The IT Crowd’s Matt Berry tells Brian Boyd about his prog-folk predilec­tion,

No one seems sure what to make of Matt Berry’s new psychedelic prog-folk al­bum in­spired by the ter­rors of the coun­try­side. It’s not all some joke, he tells Brian Boyd

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IS IT A BIRD? Is it a plane? A post-ironic prank or a heart­felt mu­si­cal tribute? No seems to know quite what to make of Matt Berry’s Witc­hazel al­bum – ex­cept that it’s a psychedelic prog-folk af­fair. And you don’t get many psychedelic prog-folk al­bums to the dozen these days. All ques­tion­ing aside, Berry has pro­duced a rara avis with Witc­hazel – an al­bum that so in­tox­i­cated Paul McCart­ney when he heard a rough ver­sion that he read­ily agreed to do a guest vo­cal slot on it.

Or did he? If you think Matt Berry’s face is fa­mil­iar that’s be­cause for his day job he’s a well-known comedic ac­tor. He plays the ex­plorer Dixon Bain­bridge in The Mighty Boosh; is a char­ac­ter on the IT Crowd and is all over Garth Marenghi’s work.

“I was singing be­fore I did comedic acting,” says Berry. “I did all the in­die band stuff. I went to art school and was in var­i­ous bands then. I’ve been writ­ing songs for as long as I can re­mem­ber. This would be my first real re­lease – al­though there was a sort of spo­ken word al­bum, Opium a few years ago.”

Witc­hazel has a theme – as most psychedelic pro-folk al­bums do. “It’s all about the ter­rors of the coun­try­side,” he says. “On Opium I had looked at the ter­rors of city life, but this was in­spired by some very for­ma­tive ex­pe­ri­ences I had when I was grow­ing up. The first one was the book Water­ship Down which ab­so­lutely ter­ri­fied me – so much so that I still think of the coun­try­side as be­ing full of rab­bits killing each other. The other ex­pe­ri­ence I had was all to do with Kate Bush.” As Berry points out the first ap­pear­ance of Kate Bush do­ing Wuther­ing Heights on Top of the Pops had the same seis­mic ef­fect that a pre­vi­ous gen­er­a­tion felt when see­ing David Bowie singing Star­man on the same pro­gramme.

“Kate Bush fright­ened the life out of me,” he says. “I found my­self torn be­tween two ex­tremes – re­ally fan­cy­ing her and also think­ing she was a witch who lived in a scary for­est. There was some­thing about the way she stared di­rectly into the cam­era with those big, glar­ing eyes.”

With song ti­tles such as Ac­ci­dent at Har­vest Fes­ti­val and The Badger’s Wake on the al­bum, you’re never quite sure which way to take Berry’s work. “A few peo­ple have won­dered about what level I’m re­leas­ing this al­bum on,” he says. “I’m not tak­ing the piss. This isn’t some mas­sive Chris Morris’ style stunt. I’m not in­ter­ested in com­edy enough to have a joke that would last over an en­tire al­bum.

“But the other thing is that I can’t re­ally do any­thing com­pletely se­ri­ously but re­ally with this, it’s all com­ing from the heart. I’m a big fan of prog mu­sic and al­ways have been. When I per­form to a prog au­di­ence they can see what I’m re­ally try­ing to achieve with this.”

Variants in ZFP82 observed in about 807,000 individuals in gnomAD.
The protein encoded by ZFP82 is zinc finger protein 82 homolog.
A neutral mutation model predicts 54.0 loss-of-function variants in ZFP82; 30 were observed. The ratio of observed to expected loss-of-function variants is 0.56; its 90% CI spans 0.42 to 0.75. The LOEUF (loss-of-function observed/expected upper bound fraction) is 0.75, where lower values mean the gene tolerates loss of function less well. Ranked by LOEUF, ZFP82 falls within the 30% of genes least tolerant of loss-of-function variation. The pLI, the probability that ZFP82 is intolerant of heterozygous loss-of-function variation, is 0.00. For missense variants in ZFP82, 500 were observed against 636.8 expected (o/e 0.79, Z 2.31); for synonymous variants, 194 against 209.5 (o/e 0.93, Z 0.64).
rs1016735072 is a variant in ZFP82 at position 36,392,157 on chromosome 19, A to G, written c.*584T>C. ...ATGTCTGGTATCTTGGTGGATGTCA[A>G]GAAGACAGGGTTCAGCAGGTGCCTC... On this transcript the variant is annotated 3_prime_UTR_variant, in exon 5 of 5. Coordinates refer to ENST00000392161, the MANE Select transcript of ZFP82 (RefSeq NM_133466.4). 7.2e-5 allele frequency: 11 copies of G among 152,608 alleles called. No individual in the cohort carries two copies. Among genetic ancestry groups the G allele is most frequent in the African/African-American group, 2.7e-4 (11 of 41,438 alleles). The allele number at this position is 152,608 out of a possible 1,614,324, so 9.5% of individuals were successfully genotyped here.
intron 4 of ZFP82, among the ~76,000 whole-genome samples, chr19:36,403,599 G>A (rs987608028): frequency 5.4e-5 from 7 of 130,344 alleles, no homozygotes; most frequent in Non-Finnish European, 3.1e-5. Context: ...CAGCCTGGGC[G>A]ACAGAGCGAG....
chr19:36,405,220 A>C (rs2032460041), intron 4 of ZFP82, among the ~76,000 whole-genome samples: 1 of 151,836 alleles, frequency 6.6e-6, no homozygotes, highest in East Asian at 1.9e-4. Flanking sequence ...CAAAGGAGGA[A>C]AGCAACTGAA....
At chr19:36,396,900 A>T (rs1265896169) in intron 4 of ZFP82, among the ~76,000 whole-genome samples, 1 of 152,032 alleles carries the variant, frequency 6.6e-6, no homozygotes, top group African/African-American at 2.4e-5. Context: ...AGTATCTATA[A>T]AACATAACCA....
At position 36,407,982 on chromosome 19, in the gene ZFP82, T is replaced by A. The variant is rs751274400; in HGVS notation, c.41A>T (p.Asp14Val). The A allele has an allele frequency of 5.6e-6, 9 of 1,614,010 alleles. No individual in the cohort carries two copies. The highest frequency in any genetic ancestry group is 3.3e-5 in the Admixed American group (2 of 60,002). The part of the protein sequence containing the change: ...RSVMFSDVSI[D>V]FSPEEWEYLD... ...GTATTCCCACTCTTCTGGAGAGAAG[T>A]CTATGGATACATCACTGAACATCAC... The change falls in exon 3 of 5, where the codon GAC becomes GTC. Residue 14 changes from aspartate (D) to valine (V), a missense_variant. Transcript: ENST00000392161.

Very well re­ceived so far, Witc­hazel has been de­scribed as a “wood­land fan­ta­sia Fleet Foxes could have made” and the Guardian re­viewed it as: “en­chant­ing, awash with del­i­cate, twin­kling melodies – its soar­ing trum­pets, pas­tel sweeps of gui­tar and oboe and crafty soul-funk in­flec­tions sound gen­uinely im­pres­sive.” For what it’s worth, this sprawl­ing baroque rock al­bum was recorded in Berry’s front room and he plays all the in­stru­ments on it.

He’s do­ing a short Ir­ish tour next week with dates in Dublin, Cork and Gal­way – the ex­cur­sion across the Ir­ish sea ex­plained by the fact that, as he puts it – “I’ve al­ways gone down re­ally well in Ire­land and have done quite a few shows there over the years. Also, it’s al­ways re­ally great to get out of the UK for gigs.”

He’s hop­ing, that in its own small way, Witc­hazel will bring a “light­ness to the nor­mally su­perearnest and pon­der­ous prog-rock world. “There is a hu­mour­less­ness associated with prog and while this isn’t a “funny al­bum I’m hop­ing the prog au­di­ence will get what I’m try­ing to do,” he says. “Prog can be a bit overblown at times and fans can treat it with the same

“A few peo­ple have won­dered about what level I’m re­leas­ing this al­bum on ... I’m not tak­ing the piss”

sort of rev­er­ence that is nor­mally associated with clas­si­cal mu­sic or some parts of the jazz world. But I don’t think we should be pre­cious about prog.”

The Paul McCart­ney guest vo­cal on the Rain Came Down track is puz­zling in more ways than one. “I had a list of four peo­ple who I re­ally wanted

to be on the al­bum and he was on it,” says Berry. “I sent it off to him and one day I got this e-mail from him which con­tained his vo­cal con­tri­bu­tion. It was some­thing I re­ally didn’t ex­pect,” he says.

On Rain Came Down McCart­ney sings that an­i­mals should “set a good ex­am­ple to us hu­man be­ings/and stop be­hav­ing like Ja­panese/There are a lot of ap­ples on trees, there are many fishes in the sea/We should all just get along/if we keep eat­ing each other the world’s go­ing to be a very lonely place.”

UK na­tional pa­pers have re­viewed this as be­ing McCart­ney but in my opin­ion it’s not. “Some peo­ple think it’s an im­pres­sion­ist,” is all Berry will say when asked. And some peo­ple think it’s an ac­tor/co­me­dian from Liver­pool with a funny sur­name.

Ei­ther way, it nei­ther adds or de­tracts from what is quite def­i­nitely the strangest al­bum of the year.

Part Um­magumma, part Jethro Tull – and with a whole lot of Matt Berry – Witc­hazel is a be­guil­ing cu­rios­ity piece.

Matt Berry plays Whe­lan’s Dublin on July 29; Cyprus Av­enue, Cork on July 30 and the Róisín Dubh, Gal­way on July 31

IT CROWD

BUSH SCARY KATE

MATTBERRY

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